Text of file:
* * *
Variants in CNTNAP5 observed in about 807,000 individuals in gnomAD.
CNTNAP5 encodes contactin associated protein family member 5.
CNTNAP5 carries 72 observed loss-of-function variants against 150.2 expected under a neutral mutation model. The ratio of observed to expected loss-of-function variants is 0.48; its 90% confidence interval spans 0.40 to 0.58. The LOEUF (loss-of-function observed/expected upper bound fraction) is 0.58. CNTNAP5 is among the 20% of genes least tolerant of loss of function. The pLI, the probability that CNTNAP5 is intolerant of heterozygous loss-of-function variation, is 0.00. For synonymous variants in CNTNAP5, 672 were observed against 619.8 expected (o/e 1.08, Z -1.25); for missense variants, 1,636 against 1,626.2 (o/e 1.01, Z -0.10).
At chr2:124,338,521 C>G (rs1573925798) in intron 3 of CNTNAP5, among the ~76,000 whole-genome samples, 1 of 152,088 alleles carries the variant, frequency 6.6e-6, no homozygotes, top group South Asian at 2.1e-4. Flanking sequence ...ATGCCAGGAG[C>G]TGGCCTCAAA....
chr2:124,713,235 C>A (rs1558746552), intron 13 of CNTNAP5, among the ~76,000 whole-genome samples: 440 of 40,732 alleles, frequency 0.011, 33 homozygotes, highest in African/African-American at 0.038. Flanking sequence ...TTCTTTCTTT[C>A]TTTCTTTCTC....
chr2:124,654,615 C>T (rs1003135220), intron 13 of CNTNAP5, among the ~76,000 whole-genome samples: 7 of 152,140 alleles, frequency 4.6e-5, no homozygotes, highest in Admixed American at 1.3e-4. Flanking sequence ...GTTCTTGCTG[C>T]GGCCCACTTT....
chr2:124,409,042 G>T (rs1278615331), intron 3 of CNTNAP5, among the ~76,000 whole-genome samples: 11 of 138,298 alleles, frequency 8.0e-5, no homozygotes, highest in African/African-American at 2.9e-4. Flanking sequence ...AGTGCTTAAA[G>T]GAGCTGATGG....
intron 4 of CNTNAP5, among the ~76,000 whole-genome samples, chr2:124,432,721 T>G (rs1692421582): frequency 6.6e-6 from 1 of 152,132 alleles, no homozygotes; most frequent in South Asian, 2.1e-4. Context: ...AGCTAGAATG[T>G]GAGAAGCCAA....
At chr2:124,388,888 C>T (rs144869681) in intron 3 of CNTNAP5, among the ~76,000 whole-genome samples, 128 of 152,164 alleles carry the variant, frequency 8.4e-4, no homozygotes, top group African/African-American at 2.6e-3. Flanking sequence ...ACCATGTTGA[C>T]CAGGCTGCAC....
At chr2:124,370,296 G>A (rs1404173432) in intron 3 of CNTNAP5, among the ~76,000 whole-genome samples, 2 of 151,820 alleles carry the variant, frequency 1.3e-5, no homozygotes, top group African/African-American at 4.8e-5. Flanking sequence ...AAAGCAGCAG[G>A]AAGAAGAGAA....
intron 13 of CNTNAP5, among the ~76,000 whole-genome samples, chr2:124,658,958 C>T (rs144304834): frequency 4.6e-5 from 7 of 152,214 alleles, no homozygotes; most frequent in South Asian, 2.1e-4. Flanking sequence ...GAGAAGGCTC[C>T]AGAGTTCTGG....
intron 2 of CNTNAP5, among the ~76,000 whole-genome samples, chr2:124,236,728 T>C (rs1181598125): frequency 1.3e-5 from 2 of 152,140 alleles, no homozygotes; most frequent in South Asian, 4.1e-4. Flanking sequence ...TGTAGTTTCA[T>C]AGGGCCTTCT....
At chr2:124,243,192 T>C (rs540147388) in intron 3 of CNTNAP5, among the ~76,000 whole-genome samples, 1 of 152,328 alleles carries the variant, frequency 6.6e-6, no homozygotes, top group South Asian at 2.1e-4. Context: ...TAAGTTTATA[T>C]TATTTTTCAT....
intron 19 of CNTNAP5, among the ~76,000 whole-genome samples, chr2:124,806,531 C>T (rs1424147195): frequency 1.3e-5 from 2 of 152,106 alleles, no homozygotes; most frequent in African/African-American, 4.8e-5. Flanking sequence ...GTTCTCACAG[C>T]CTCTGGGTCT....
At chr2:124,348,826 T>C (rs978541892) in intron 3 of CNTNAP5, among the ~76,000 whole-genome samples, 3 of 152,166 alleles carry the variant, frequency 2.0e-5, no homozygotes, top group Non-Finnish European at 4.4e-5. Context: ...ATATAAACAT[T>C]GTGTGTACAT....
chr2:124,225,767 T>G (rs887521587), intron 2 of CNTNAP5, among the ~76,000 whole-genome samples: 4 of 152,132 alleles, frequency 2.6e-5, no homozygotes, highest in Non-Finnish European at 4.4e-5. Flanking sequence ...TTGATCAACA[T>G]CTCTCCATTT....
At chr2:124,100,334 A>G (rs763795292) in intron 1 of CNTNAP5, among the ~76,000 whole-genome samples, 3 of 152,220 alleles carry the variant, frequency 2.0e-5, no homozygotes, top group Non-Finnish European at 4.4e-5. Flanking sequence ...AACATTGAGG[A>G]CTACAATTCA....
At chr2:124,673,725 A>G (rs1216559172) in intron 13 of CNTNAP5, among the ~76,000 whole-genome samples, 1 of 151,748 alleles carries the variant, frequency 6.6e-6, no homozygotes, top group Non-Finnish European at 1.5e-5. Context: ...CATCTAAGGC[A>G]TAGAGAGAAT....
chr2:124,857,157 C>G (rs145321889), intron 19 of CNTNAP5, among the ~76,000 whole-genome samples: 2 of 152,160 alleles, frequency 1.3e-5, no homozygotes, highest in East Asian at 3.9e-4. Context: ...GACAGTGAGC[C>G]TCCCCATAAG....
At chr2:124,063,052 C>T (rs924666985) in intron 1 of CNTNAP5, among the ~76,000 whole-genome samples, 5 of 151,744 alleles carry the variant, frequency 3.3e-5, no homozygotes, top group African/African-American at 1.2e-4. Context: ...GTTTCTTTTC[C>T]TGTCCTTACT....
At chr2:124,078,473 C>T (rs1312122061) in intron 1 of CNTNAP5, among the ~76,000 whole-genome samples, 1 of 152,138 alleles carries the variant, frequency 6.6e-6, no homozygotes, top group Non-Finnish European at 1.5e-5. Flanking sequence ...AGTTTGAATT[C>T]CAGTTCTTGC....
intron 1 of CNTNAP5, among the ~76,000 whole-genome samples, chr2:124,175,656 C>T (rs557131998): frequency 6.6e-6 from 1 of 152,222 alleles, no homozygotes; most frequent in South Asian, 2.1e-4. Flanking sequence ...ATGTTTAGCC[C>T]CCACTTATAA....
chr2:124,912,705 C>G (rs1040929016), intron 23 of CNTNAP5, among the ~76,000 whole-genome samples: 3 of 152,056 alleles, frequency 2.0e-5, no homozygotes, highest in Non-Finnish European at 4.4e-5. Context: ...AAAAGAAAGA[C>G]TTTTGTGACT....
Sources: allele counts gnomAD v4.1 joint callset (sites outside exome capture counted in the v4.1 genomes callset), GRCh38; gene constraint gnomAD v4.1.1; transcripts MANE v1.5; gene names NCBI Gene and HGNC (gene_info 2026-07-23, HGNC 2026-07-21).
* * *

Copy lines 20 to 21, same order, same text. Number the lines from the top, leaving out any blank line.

At chr2:124,063,052 C>T (rs924666985) in intron 1 of CNTNAP5, among the ~76,000 whole-genome samples, 5 of 151,744 alleles carry the variant, frequency 3.3e-5, no homozygotes, top group African/African-American at 1.2e-4. Context: ...GTTTCTTTTC[C>T]TGTCCTTACT....
At chr2:124,078,473 C>T (rs1312122061) in intron 1 of CNTNAP5, among the ~76,000 whole-genome samples, 1 of 152,138 alleles carries the variant, frequency 6.6e-6, no homozygotes, top group Non-Finnish European at 1.5e-5. Flanking sequence ...AGTTTGAATT[C>T]CAGTTCTTGC....